The Paradise Papers name was chosen because of the idyllic profiles of many of the offshore jurisdictions whose workings are unveiled, including Bermuda, the HQ of the main company involved, Appleby. It also dovetails nicely with the French term for a tax haven – paradis fiscal. Then again, the Isle of Man plays a big part.
Who is being exposed?
The offshore financial affairs of hundreds of politicians, multinationals, celebrities and high-net-worth individuals, some of them household names, have been revealed. The papers also throw light on the legal firms, financial institutions and accountants working in the sector and on the jurisdictions that adopt offshore tax rules to attract money. The top stories so far include:
The Queen’s private estate invested about £10m offshore including a small amount in the company behind BrightHouse, a chain accused of irresponsible lending
There are more than 1,400GB of data, containing about 13.4 million documents. Some 6.8 million come from the offshore legal service provider Appleby and corporate services provider Estera. The two operated together under the Appleby name until Estera became independent in 2016. Another six million documents come from corporate registries in some 19 jurisdictions, mostly in the Caribbean. A smaller amount comes from the Singapore-based international trust and corporate services provider, Asiaciti Trust. The leaked data covers seven decades, from 1950 to 2016.
What is Appleby?
A law firm that helps corporations, financial institutions and high-net-worth individuals set up and register companies in offshore jurisdictions.
With its headquarters in Bermuda and a history dating back to the 1890s, it has become one of the largest and best known of about 10 major companies involved in the specialist arena. The leak shows the US dominates Appleby’s client register, with more than 31,000 US addresses for clients. There were more than 14,000 UK addresses and 12,000 in Bermuda.
Who leaked the Paradise Papers?
As with 2016’s Panama Papers, German newspaper Süddeutsche Zeitung obtained the original material and was the stepping off point for this investigation. In the case of the Panama Papers, the originator of the leaks, named only as John Doe, issued a manifesto a month after the publication date. A simple statement this time says: “For their protection, Süddeutsche Zeitung does as a general policy not comment on its sources!”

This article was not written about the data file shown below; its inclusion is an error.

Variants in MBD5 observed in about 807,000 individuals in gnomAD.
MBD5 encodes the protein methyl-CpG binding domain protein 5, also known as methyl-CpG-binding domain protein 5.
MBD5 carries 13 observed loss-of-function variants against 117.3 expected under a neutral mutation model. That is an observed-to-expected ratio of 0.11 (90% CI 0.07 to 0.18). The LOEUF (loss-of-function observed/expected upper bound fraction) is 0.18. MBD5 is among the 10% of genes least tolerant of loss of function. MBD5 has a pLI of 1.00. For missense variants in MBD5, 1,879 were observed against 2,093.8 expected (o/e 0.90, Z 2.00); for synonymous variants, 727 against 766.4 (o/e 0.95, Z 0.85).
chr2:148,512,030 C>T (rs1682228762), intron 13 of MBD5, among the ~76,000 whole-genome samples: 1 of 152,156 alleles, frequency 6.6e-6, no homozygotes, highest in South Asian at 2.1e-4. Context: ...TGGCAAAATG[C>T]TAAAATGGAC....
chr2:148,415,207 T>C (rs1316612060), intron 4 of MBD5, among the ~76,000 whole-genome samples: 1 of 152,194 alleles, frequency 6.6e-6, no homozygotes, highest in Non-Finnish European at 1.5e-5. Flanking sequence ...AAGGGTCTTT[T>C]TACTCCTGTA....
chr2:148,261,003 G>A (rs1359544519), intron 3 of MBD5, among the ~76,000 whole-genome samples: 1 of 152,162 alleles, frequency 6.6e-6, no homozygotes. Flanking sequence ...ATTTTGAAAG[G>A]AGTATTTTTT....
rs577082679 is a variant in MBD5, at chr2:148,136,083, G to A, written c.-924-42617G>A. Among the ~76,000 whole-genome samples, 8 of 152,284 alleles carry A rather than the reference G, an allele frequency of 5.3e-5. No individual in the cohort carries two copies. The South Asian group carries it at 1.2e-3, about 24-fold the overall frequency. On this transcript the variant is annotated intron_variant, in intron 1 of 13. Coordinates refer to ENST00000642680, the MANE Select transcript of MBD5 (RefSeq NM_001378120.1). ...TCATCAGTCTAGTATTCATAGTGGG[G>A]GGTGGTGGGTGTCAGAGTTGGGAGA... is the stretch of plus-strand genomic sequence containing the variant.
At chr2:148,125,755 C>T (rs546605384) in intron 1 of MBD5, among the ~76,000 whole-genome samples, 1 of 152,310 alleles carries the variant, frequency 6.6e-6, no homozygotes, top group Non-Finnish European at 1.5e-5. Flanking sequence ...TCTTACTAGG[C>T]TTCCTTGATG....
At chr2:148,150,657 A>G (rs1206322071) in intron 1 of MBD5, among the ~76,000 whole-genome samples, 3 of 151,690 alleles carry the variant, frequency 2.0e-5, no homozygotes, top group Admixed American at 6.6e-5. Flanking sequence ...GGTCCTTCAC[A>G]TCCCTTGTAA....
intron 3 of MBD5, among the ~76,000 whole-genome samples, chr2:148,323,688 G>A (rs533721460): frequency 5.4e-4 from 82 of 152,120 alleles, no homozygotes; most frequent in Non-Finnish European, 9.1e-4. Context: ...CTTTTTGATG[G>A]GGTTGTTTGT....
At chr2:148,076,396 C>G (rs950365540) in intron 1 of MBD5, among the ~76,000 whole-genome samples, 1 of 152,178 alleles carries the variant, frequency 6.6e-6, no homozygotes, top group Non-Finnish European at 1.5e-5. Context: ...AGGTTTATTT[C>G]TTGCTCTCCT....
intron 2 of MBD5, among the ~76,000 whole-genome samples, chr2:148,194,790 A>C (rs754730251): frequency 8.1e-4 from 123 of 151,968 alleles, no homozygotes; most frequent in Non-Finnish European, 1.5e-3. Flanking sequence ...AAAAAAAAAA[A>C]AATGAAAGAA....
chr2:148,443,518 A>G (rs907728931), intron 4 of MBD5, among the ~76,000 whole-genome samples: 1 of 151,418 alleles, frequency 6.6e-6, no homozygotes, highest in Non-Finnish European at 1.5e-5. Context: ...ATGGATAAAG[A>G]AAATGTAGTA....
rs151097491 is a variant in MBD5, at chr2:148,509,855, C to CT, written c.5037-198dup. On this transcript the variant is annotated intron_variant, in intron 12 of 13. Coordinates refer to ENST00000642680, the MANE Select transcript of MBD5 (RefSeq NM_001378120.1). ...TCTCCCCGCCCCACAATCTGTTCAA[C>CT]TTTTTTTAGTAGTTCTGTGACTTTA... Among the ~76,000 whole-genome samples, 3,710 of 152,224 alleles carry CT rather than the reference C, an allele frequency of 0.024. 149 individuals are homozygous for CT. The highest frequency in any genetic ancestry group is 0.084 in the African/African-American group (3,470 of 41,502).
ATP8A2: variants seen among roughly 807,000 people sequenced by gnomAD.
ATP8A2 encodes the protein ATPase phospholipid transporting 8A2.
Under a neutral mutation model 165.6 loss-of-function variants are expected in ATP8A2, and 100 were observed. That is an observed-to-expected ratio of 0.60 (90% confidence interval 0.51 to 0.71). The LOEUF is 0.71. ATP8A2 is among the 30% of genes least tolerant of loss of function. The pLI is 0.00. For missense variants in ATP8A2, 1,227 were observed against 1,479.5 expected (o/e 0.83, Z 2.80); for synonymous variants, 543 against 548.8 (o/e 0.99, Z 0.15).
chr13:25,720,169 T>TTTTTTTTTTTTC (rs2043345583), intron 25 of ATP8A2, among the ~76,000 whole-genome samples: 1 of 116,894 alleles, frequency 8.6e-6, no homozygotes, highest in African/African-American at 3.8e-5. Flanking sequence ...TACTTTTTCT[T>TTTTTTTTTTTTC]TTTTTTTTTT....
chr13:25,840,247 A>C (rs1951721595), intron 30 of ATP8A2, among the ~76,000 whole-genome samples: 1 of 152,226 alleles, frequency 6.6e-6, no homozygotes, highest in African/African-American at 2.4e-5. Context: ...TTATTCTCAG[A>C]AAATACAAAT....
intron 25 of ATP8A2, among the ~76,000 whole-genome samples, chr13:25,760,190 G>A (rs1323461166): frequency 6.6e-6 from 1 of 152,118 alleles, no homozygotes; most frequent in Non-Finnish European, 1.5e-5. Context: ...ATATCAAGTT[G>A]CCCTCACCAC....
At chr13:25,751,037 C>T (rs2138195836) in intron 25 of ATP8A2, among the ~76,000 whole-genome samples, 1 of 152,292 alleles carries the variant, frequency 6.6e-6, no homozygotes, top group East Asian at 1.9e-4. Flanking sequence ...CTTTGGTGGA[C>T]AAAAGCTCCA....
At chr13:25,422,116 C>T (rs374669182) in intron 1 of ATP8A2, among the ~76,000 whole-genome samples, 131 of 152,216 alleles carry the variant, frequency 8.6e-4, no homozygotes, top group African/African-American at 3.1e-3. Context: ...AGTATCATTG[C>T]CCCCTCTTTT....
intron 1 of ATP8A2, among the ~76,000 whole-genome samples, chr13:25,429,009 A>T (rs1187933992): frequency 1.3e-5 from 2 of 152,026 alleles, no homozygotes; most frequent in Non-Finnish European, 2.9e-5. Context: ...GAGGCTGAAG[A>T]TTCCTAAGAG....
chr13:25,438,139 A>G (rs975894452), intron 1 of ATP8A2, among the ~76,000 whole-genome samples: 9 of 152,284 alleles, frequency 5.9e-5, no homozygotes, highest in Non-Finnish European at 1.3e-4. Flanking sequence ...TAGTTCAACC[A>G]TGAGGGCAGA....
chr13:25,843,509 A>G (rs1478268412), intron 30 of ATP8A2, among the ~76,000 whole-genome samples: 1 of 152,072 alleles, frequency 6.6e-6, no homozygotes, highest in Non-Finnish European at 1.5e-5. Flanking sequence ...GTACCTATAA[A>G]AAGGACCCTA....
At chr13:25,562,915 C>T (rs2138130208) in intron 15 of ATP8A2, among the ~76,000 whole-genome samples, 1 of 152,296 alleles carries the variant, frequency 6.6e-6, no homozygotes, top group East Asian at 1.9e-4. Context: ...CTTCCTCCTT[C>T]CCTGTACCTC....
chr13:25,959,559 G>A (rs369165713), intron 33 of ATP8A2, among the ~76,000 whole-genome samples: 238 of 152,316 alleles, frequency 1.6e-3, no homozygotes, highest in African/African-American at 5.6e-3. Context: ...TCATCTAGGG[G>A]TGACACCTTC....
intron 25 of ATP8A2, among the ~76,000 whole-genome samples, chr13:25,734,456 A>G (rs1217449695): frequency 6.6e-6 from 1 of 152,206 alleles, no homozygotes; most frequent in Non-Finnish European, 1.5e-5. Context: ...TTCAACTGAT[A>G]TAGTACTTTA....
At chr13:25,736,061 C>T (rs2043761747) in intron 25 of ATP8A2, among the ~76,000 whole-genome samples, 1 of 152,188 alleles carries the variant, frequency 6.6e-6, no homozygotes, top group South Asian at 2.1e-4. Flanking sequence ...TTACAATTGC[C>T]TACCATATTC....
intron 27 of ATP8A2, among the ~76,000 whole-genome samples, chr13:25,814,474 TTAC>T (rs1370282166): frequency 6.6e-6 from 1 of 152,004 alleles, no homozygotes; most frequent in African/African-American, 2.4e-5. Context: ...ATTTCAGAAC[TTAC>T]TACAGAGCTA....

The media partners say the investigation is in the public interest because data leaks from the world of offshore have repeatedly exposed wrongdoing. The leaks have led to hundreds of investigations worldwide, resulting in politicians, ministers and even prime ministers being forced from office.
Why is this leak different?
The $64m question, or probably more if you are in a tax haven, or offshore financial centre as the industry prefers to call it. It is indeed the fifth major leak of financial papers in the past four years and, yes, last year’s Panama Papers were bigger in size – 2.6TB to 1.4TB – but the scale of the information in the Paradise Papers and how it lifts the lid on sophisticated, upper-end offshore dealings, many linked to the UK, is unprecedented.
As Gerard Ryle, who oversees member journalists at the ICIJ, says: “This leak is important because it’s the high end of town. People may have dismissed the Mossack Fonseca leaks as they were rogue players who would take any client. Most of the offshore world is not like that at all. Here you have the gold-plated company.”
The documents were tougher than the Panama Papers too. Mr Ryle says: “They came in different formats and it took us a long time to decipher them. There were nice surprises along the way but it was a much more difficult data set.”
What exactly is a tax haven?
It’s hard to pin down an exact definition. Tax haven is the term usually used in the media and public, whereas the industry would prefer the term offshore financial centre (OFC). It is essentially a financial jurisdiction outside the regulations of your own nation used by companies and individuals to lower their taxes on profits or assets. They are usually secretive and stable. They are also often small islands, many of them UK Crown Dependencies or Overseas Territories, but not exclusively so. Nations such as Switzerland, Ireland and the Netherlands have similar tax reducing mechanisms, while the UK and the US are leading nations providing services that facilitate the use of OFCs.
The papers are a huge batch of leaked documents mostly from offshore law firm Appleby, along with corporate registries in 19 tax jurisdictions, which reveal the financial dealings of politicians, celebrities, corporate giants and business leaders.